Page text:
Getting the right person for the job starts with writing an effective job description. These days, that entails much more than getting all the facts right. It means writing a job description that stands out amongst all the rest. Particularly when it comes to tech-savvy Generation Y (aka the Millennials), job descriptions must be ultra-appealing. They have to speak to the individual and give them a reason to apply for a job with your company.
After all, this is the “everybody gets a trophy generation.” Some generational experts have branded them the most spoiled generation in history. They are used to being given what they want. Now, it’s your job to make them want a job with your company – and to want it so badly they will actually go out of their way to pursue it.
Millennials want to feel like they are part of something important right out of the gate. The concept of “paying your dues” couldn’t be more foreign to them. So make sure to describe why the position matters to the company and where it stands in the grand scheme of things. Be clear about the importance of the role this individual will play once they are hired. And don’t forget to include how much they will be interacting with decision-makers.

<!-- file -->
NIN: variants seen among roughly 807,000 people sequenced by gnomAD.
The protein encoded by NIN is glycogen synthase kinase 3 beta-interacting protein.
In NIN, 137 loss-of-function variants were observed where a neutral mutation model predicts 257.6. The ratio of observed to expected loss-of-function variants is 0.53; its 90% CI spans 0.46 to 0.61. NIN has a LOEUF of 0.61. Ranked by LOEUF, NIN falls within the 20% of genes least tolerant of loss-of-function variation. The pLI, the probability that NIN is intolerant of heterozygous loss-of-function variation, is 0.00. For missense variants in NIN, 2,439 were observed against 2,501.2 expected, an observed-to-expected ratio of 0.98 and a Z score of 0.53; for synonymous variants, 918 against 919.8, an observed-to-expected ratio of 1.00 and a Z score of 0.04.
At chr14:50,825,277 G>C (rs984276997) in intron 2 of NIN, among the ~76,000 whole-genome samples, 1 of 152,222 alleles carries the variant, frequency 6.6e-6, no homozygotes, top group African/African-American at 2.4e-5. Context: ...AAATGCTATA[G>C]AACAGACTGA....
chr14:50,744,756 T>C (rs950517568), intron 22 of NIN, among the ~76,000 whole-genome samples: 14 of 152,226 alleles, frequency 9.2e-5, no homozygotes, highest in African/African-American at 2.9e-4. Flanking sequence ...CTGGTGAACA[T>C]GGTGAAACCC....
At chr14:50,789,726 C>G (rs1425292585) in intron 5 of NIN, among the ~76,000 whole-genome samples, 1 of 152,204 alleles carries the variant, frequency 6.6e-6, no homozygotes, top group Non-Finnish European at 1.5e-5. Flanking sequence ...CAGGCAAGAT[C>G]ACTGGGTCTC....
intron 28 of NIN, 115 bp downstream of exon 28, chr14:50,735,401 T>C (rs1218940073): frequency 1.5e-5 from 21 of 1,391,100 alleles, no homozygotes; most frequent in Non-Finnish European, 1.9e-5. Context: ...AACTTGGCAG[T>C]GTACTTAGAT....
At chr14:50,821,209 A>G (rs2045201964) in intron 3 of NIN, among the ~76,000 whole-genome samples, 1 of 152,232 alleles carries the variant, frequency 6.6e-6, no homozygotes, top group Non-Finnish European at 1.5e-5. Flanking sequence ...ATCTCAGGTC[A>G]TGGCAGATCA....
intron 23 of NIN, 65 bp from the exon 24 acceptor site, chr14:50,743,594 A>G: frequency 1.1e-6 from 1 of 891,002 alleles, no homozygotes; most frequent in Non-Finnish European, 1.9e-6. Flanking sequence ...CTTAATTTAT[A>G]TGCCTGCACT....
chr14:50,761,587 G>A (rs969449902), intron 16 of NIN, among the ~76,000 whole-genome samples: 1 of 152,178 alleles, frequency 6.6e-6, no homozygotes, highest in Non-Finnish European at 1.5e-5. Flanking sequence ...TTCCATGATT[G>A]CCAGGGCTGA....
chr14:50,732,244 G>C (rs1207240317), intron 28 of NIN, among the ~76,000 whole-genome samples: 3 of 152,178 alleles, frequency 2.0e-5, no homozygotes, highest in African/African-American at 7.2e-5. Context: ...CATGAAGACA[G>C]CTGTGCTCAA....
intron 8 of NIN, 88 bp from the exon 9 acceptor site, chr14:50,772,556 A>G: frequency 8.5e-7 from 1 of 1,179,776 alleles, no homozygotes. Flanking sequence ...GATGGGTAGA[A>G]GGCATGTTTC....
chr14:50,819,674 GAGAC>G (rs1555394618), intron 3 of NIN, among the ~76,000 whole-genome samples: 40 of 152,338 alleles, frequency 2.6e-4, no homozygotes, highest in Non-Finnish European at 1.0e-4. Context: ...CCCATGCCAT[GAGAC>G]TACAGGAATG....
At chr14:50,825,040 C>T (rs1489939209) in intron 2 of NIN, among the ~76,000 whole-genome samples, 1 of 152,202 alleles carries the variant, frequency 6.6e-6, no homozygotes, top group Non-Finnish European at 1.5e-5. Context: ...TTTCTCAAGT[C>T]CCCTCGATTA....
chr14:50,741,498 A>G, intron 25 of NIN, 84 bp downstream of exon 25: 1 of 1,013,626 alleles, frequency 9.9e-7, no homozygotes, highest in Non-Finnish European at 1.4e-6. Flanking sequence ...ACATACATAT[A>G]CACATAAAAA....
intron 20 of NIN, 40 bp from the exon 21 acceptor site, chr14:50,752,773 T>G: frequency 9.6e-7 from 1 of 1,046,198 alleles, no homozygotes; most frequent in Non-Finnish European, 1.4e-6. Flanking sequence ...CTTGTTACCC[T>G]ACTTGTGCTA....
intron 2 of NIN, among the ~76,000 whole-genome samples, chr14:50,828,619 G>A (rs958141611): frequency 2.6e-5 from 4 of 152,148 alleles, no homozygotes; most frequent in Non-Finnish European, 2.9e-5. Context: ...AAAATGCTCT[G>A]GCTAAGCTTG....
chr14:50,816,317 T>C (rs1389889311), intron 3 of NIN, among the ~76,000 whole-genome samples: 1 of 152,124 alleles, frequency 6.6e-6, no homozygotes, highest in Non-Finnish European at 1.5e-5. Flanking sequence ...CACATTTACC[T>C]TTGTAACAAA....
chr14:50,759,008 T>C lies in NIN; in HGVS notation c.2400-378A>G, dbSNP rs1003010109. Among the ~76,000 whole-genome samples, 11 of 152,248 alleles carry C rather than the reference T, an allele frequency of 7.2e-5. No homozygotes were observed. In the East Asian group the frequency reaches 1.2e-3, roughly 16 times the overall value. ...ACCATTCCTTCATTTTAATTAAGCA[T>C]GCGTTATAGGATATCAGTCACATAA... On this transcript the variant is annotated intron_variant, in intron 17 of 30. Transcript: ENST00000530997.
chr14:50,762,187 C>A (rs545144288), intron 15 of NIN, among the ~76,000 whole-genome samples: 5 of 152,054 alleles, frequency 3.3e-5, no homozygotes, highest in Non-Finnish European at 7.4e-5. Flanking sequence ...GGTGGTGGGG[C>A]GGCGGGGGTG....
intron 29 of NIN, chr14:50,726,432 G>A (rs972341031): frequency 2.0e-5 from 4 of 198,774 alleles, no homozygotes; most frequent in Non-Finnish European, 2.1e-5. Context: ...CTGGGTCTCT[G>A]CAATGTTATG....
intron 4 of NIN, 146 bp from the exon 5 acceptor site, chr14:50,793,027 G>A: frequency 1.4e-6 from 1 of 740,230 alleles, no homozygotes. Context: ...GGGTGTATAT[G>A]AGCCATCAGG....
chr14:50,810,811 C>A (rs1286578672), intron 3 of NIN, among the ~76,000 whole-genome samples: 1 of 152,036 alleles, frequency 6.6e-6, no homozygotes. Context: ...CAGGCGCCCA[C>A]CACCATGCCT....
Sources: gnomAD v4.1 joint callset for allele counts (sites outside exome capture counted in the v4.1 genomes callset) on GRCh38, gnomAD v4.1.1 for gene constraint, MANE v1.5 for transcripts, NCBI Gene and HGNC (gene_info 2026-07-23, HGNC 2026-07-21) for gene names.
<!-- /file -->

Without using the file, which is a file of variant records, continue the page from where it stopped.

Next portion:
Members of Generation Y are expected to job-hop more than their predecessors. Paradoxically, however, they are incredibly brand loyalty. Start building their loyalty to your brand right off the bat. Use your job description to explain why they should want to work for you. Woo them and seek to make them fall head over heels in love with your company. Avoid jargons and clichés and get to the point when describing your ideal candidate.
There’s no doubt that salary and benefits are important to a Millennial. After all, surveys have shown they expect something in the neighborhood of $75,000 starting pay. But they are also savvy enough to recognize that a job can benefit them in other ways, too. So be sure to describe the skills they will gain, the professional connections they will make, and the opportunities they will have to grow and advance within the company. Be sure to mention the other fringe benefits, like gym memberships and flexible work hours, too.
Finally, take the opportunity to tell your company story and explain your vision for the person who gets the job. Make sure you do it quickly, however. Generation Y has no patience for rambling, off-the-shelf, stodgy old mission statements. They want something short, to-the-point, and catchy. Think of it this way: This is the generation that grew up having conversations via text message. Short-hand and slogans are their language.
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